Last week, Possession of Drug Paraphernalia charges pending against my client in Kane County were dismissed after the court granted my Motion to Suppress the search of his gun safe inside his house and threw out all of the evidence seized as a result of the illegal search.
A couple of police officers arrived at my client’s home to serve him with an Emergency Order of Protection arising out of a domestic dispute with his wife. The officer asked my client if he had any firearms inside the home. My client advised the officer that he had several firearms inside a locked safe in his home and showed the officer his valid FOID card.The officer contacted her supervisor who instructed her to seize the weapons in the home, inventory them and transport them to the police station. My client indicated his displeasure with what the police were doing but was told that he had no choice in the matter. He provided the officers with the key to the gun safe and the police started removing the guns from the safe. As they were removing the guns from the safe, they smelled some burnt cannabis, looked inside a bag at the bottom of the safe and found a pipe that is used to smoke marijuana. My client was arrested and charged with Possession of Drug Paraphernalia.
I filed a Motion to Suppress alleging that the search was illegal because the police did not have a warrant to search the safe and that there was no exception to the warrant requirement. After I established that the police conducted the search without a search warrant, the burden shifted to the state to show that an exception existed. The state made several arguments which failed. The state argued that the Paraphernalia would have eventually been discovered when the guns would have to have been removed by the police because he had to leave the home and the only way he could go back would be with a police escort. The state argued that the Defendant was required to surrender his FOID card and surrender his weapons as a result of being served with an Order of Protection. However, we produced a letter from the Illinois State Police dated three days after the date of the serving of the Order of Protection which informed him that his FOID card had been revoked and he had 48 hours to turn over his firearms to the local police. After hearing all the arguments and all the evidence, the Court ruled that the police had no right to seize his weapons so any evidence obtained as a result of the illegal search of the safe was suppressed and would not be allowed into evidence in his case. Faced with the fact that the evidence could not be used against the Defendant, the state had to drop and dismiss the Possession of Drug Paraphernalia charges.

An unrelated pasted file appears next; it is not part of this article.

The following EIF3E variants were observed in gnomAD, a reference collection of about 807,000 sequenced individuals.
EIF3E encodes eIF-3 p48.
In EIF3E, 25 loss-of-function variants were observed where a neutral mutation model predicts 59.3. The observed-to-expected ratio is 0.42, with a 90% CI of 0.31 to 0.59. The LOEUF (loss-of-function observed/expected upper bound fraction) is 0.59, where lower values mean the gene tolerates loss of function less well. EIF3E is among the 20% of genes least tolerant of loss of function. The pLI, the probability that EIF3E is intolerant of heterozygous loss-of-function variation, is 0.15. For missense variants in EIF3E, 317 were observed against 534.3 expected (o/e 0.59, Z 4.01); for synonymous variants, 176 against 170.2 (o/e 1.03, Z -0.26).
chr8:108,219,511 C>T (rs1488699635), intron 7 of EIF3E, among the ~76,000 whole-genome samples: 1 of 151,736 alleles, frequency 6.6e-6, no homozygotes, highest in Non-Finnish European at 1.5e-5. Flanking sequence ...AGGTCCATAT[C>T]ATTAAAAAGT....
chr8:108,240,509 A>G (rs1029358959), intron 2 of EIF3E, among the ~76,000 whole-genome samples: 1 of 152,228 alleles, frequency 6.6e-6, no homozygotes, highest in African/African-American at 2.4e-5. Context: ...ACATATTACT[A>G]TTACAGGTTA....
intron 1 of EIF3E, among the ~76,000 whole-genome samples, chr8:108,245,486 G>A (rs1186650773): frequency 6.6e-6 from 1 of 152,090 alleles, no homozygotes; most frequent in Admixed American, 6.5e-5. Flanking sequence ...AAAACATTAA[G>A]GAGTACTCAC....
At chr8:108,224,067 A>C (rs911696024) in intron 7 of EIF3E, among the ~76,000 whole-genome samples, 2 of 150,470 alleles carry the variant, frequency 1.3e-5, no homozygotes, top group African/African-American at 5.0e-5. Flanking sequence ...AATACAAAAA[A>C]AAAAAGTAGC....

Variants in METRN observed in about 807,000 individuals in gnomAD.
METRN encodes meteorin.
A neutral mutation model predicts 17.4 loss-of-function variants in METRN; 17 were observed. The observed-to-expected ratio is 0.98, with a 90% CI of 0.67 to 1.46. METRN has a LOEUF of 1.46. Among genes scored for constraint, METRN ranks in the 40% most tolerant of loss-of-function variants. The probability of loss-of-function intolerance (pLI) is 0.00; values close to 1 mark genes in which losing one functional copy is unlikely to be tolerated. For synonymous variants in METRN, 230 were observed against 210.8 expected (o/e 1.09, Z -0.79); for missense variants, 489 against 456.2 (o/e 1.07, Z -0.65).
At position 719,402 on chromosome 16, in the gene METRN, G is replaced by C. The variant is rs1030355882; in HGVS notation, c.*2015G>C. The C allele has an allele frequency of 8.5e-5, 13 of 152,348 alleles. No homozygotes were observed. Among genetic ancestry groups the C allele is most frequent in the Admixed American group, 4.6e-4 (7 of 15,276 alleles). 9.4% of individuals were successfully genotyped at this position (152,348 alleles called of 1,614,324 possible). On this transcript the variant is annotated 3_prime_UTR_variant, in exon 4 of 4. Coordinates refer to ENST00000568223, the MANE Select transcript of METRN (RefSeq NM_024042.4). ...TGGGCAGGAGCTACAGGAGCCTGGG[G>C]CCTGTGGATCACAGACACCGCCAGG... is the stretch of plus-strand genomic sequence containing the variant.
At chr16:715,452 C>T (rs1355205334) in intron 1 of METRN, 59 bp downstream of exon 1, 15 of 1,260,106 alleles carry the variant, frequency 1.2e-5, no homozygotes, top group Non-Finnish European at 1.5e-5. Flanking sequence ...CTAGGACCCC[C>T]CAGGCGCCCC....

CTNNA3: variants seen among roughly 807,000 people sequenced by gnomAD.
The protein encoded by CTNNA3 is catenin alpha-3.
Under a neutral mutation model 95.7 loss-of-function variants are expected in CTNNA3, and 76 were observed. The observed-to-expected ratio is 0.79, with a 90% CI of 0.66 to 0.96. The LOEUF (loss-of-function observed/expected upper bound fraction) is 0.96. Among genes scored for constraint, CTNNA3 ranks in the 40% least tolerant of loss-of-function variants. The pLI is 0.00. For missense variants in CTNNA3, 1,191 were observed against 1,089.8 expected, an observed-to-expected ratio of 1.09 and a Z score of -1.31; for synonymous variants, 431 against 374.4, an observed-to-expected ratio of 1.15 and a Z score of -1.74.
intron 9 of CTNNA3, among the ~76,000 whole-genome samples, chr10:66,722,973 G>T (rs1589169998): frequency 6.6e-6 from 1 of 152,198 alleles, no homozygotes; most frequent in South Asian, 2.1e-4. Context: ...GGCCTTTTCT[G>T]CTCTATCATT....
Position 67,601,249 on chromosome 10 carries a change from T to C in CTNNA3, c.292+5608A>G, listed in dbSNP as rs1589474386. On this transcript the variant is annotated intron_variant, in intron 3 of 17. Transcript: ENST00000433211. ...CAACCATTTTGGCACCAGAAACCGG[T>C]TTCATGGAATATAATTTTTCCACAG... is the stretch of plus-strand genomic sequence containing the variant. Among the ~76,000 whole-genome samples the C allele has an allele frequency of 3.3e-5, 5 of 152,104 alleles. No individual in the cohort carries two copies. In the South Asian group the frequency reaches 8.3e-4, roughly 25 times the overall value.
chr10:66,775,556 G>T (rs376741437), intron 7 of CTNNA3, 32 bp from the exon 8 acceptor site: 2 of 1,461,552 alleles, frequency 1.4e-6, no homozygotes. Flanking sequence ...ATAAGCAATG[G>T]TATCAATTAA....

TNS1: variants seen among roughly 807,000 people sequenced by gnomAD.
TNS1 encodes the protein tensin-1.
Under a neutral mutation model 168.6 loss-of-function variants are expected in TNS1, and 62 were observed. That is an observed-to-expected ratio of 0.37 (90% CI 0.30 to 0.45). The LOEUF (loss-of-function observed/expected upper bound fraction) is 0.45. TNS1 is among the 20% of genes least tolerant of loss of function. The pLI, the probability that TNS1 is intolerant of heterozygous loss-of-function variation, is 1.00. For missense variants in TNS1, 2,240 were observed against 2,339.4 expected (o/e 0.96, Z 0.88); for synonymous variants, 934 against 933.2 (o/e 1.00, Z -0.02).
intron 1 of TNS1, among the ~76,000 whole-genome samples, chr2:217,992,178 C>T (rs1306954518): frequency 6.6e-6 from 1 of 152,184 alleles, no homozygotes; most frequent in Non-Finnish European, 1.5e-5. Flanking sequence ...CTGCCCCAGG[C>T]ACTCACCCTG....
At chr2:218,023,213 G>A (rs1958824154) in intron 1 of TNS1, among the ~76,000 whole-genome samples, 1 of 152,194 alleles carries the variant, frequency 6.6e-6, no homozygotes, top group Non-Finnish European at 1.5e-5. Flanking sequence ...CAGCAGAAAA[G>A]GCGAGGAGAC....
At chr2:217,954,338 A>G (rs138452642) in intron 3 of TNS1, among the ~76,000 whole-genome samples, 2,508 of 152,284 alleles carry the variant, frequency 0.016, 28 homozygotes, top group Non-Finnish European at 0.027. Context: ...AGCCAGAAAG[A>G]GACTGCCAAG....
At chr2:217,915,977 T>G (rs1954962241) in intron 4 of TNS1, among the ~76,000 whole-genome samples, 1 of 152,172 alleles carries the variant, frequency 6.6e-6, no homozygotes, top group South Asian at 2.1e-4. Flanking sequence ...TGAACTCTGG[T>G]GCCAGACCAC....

Very early on in the case the state offered my client a plea agreement that would have required that he plead guilty and perform several hours of community service and pay fines, fees and court costs. Since I recognized that my client’s rights were violated, I would not agree to have my client accept an agreement on a case that was clearly winnable. As a result of my diligent and aggressive representation of my client, the charges have been dismissed and he no longer is facing any legal consequences.
James Dimeas is an award winning Chicago criminal defense attorney and author with more than 23 years of experience aggressively representing his clients against gun and drug charges. If you have a gun or drug case in Illinois, contact me in Chicago (312-229-5500), DuPage and Kane (630-504-2096) or Lake (847-696-6458) for a free and confidential consultation to discuss your legal options.